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Waka, Lizard Goddess

Waka, Lizard Goddess
  • Pantheon: Hawaiian mythology
  • Deity Title: Waka, Lizard Goddess
  • Deity Symbol: A lizard
  • Home Plane: Material Plane, possibly with connections to the elemental plane of water
  • Deity Level: Intermediate or Lesser
  • Alignment: Chaotic Neutral
  • Aliases: None known
  • Superior: None known
  • Traditional Allies: Hi’iaka, Kane, Kanaloa, Other Hawaiian deities associated with animals or water
  • Traditional Foes: Pele, Deities associated with fire or destruction
  • Divine Artifact: None known
  • Servants: Lizard or eel-like creatures, potentially with elemental or magical powers
  • Servitor Creatures: None known
  • Sacred Animal: Lizards, eels, and other aquatic creatures
  • Manifestations: Manifests as a lizard or eel, or as a beautiful woman
  • Signs of Favor: Increased sightings of lizards or eels, protection from dangers associated with water
  • Worshipers: Female chiefs, fishermen, and those who rely on water for their livelihood
  • Cleric Alignments: Chaotic Neutral, Neutral Good
  • Specialty Priests: Priestesses who specialize in caring for and protecting lizards or eels, as well as those who perform rituals associated with water
  • Holy Days: The winter solstice and other days associated with the changing of the seasons and the rhythms of nature
  • Portfolio: Lizards, eels, and other aquatic creatures, as well as water and the creatures that inhabit it
  • Domains: Animal, Water, Nature
  • Favored Weapon: Spear
  • Favored Class: Druid
  • Favored Race: Lizardfolk,
  • Duties of the Priesthood: Caring for and protecting lizards and other aquatic creatures, performing rituals associated with water, and providing guidance and support to their communities
  • Major Cult/Temple Sites: No major temples or cults dedicated solely to Waka are known, but she may be worshiped in conjunction with other Hawaiian deities associated with nature and water
  • Benefits: Protection from dangers associated with water, increased success in fishing or other water-related activities, and a closer connection to the natural world

Waka is a striking figure with a lithe, lizard-like body that moves with a graceful and sinuous ease. Her scales are a vibrant green, shimmering in the sunlight, and her large, unblinking eyes are a piercing golden hue. Waka’s long, slender tail trails behind her, providing balance and support as she moves. She has four clawed limbs, each ending in sharp talons that are capable of rending flesh with ease. Her head is elongated and adorned with two sharp horns that curve backwards.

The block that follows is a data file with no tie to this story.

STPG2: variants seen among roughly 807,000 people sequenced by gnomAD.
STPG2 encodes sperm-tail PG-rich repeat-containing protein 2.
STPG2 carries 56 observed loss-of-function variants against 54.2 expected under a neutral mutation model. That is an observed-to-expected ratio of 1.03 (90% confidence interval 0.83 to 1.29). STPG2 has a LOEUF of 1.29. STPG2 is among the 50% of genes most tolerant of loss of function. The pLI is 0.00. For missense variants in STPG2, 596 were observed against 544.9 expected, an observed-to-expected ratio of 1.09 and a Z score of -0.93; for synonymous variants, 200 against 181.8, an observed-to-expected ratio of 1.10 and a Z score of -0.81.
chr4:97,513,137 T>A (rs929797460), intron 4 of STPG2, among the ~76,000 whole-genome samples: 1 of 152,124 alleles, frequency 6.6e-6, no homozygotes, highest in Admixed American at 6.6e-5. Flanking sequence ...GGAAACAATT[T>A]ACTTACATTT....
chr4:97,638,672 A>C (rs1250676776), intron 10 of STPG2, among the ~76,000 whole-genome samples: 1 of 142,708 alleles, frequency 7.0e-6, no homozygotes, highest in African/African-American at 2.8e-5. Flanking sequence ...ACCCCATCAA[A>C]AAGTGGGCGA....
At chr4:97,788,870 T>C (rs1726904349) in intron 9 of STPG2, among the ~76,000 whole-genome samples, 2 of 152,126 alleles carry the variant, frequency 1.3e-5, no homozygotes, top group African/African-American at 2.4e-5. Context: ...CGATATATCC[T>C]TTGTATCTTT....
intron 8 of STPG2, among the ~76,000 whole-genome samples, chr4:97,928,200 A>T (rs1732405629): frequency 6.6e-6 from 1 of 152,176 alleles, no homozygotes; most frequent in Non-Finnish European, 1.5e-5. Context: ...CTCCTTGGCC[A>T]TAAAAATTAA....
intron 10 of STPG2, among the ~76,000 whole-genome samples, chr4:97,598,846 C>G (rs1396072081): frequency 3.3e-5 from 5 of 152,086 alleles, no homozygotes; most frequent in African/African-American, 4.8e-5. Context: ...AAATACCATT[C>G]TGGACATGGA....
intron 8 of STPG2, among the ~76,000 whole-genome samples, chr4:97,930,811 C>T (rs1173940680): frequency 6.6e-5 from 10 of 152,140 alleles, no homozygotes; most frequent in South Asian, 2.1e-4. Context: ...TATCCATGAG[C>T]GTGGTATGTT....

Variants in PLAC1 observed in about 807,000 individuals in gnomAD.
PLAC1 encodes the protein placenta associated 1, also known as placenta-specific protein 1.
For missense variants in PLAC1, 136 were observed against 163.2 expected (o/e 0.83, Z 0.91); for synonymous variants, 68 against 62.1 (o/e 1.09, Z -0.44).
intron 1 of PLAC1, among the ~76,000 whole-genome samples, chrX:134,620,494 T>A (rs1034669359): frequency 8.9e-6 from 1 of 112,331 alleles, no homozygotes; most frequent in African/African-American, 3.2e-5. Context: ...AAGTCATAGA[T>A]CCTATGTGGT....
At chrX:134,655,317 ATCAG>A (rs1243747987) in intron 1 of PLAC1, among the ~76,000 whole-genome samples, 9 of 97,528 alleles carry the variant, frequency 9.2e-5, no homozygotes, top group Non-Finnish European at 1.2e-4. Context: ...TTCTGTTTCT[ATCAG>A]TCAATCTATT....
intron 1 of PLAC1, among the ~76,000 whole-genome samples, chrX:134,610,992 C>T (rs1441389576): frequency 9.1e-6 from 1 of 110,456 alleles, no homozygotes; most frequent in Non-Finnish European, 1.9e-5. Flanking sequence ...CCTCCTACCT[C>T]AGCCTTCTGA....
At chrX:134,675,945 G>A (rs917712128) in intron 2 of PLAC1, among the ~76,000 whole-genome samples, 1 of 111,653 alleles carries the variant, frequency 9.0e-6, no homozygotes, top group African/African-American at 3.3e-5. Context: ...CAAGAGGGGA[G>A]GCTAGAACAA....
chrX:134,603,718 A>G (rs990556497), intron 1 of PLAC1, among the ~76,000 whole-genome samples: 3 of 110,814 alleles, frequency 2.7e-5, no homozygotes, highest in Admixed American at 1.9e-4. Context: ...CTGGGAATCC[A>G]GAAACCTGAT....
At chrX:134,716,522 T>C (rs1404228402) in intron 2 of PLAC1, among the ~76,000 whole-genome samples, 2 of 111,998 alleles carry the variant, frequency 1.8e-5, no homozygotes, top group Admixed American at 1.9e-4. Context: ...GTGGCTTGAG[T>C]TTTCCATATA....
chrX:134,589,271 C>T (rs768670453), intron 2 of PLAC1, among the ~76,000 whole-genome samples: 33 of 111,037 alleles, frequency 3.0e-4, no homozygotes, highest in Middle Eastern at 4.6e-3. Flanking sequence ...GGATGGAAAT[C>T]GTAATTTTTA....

Despite her reptilian appearance, Waka exudes an air of feminine charm and sensuality. Her voice is soft and alluring, capable of entrancing both men and women. She often wears a lei of fragrant flowers around her neck, and sometimes adorns herself with elaborate jewelry made of precious stones and metals.

Waka is a goddess in Hawaiian mythology who is revered by female chiefs. She is a shape-shifter who can transform into an eel and is often associated with the sea. In one tale, she was sent in the form of an eel to bar Lono-kai from the land of Kū’ai-he-lani. When Lono-kai caught the eel and cut it open, a beautiful woman emerged who attempted to seduce him.

In another tale, Waka acts as the guardian of a beautiful girl until she can find her a suitable husband. She is seen as a protector of young women seeking love and companionship.

Waka’s role in Hawaiian mythology is complex and multifaceted, with many different interpretations and stories surrounding her. She is often associated with fertility, abundance, and sensuality, and is revered by women seeking protection and guidance in matters of the heart.

Currently in the World

As Waka watches over the world from her perch in the heavens, she sees the rise and fall of civilizations, the ebb and flow of life and death, and the ceaseless cycle of creation and destruction. Her role in the world is a complex one, as she balances the dual nature of her powers – the sensual and the savage, the feminine and the fierce.

In the 1450s, Waka is particularly focused on the island of Hawaii, where a new wave of settlers has arrived from the Marquesas Islands. These newcomers bring with them their own customs and beliefs, which clash with the existing culture of the island. Waka sees this as an opportunity to assert her own power and influence, and she begins to make herself known to the Marquesan chiefs.

One such chief is Moana, a powerful and ambitious leader who seeks to unify the various tribes of the island under his rule. Waka sees in him a kindred spirit, and she begins to appear to him in his dreams, offering him guidance and advice. Moana is initially skeptical of Waka’s intentions, but he soon comes to see the wisdom in her words.

With Waka’s help, Moana begins to consolidate his power, winning over other chiefs with his charisma and military prowess. As he gains more territory and followers, Waka’s influence over him grows stronger. She becomes his confidant and advisor, helping him to navigate the treacherous political landscape of the island.

But Waka’s desires are not limited to earthly matters. She longs for the love and adoration of mortals, and she delights in the sacrifices and offerings made to her by her followers. Her powers wax and wane with the strength of their devotion, and she is always seeking ways to increase her influence.

As the years pass, Waka continues to be a powerful force in the world, her scales shimmering in the sun and her voice ringing out across the land. She is both feared and revered, her powers a testament to the strength and beauty of the natural world. And though her desires may be complex and multifaceted, one thing is clear – Waka is a goddess to be reckoned with, both in this life and beyond.

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